Sen. Lamar Alexander (R-Tenn.) easily survived his Tea Party challenge on Thursday, dealing a final blow to conservative insurgents who hoped to oust a Senate incumbent this cycle.
With 19 percent of districts reporting, The Associated Press called the race for Alexander with 52 percent of the vote. His main challenger, state Rep. Joe Carr, took 38 percent. Radiologist George Flinn took 6 percent, with the remainder of the vote split between several other candidates.
Speaking to supporters in Nashville, Alexander praised the huge primary turnout that helped renominate both him and Gov. Bill Haslam (R).
"In one of the largest Republican primaries in a conservative state, Tennesseans have nominated a get-it-done governor and a get-it-done senator. Both Gov. Haslam and I are conservatives. We both know how to give a pretty good conservative speech. But we also both know that our job is not over when the speech is finished. It is really just starting," said Alexander.
While some conservatives had long been eyeing a challenge to Alexander, who frustrated them with his work on the Senate bipartisan immigration bill and willingness to work across the aisle, Carr’s race never materialized.
Even Conservatives in the state were unable to settle on an alternative to Alexander. Flinn, a self-funding physician who had previously run twice for Congress, pulled support in West Tennessee. While Carr’s biggest support came from his home base in Middle Tennessee, it wasn’t enough to pull even close with Alexander statewide or to overcome the incumbent’s advantage in his native East Tennessee.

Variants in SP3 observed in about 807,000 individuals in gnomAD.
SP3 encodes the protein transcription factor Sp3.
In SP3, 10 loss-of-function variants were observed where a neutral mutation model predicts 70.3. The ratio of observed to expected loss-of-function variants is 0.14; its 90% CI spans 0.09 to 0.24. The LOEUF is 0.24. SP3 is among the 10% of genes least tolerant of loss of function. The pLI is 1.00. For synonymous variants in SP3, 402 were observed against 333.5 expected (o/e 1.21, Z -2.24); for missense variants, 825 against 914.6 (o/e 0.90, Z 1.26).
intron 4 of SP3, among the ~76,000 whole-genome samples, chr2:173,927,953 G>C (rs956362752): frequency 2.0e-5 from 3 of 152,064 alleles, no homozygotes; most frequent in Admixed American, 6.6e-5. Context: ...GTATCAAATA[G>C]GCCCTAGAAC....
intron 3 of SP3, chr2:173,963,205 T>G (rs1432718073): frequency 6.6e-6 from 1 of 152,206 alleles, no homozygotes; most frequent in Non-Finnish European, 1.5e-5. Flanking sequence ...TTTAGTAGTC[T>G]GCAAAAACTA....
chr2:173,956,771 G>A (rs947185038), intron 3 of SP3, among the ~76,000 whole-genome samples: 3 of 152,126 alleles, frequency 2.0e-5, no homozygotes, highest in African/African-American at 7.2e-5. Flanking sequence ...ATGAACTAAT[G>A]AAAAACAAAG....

Even though Carr did emerge as the main challenger to Alexander, he was unable to compete with the incumbent’s money or his long history within the state. A former governor, secretary of Education and University of Tennessee president before being elected to the Senate in 2002, even his opponents admitted that Lamar, as he is colloquially known, is an institution.
But institution or not, Alexander never took a primary victory for granted. While he made early moves to tamp down on possible challengers, he also ran strong, especially in the race’s final days. While it wasn’t his famous walk across the state he made in his successful bid for governor in 1978 in his now-iconic plaid shirt, Alexander did embark on a cross-state bus tour for the race’s final days.
And as he sought his third term in the Senate, entering his fourth decade in Tennessee politics, Alexander was unapologetic for some of the more centrist, pragmatic stances he’s made.
“I’m not in the shut down the government crowd, I’m in the taking over the government crowd,” he told The Hill aboard his campaign bus last month.
“The difference is that there are conservatives who want to make a speech and conservatives who want to govern, and I’m in the latter category,” he continued. “Tennesseans know me as a conservative with an independent streak.”
Alexander also stressed the clout he’s built up in the Senate during his eight years. If Republicans take back control of the Senate, he's in line to chair the Health, Education, Labor and Pensions (HELP) Committee.
— This post was updated August 8 at 1:39 a.m.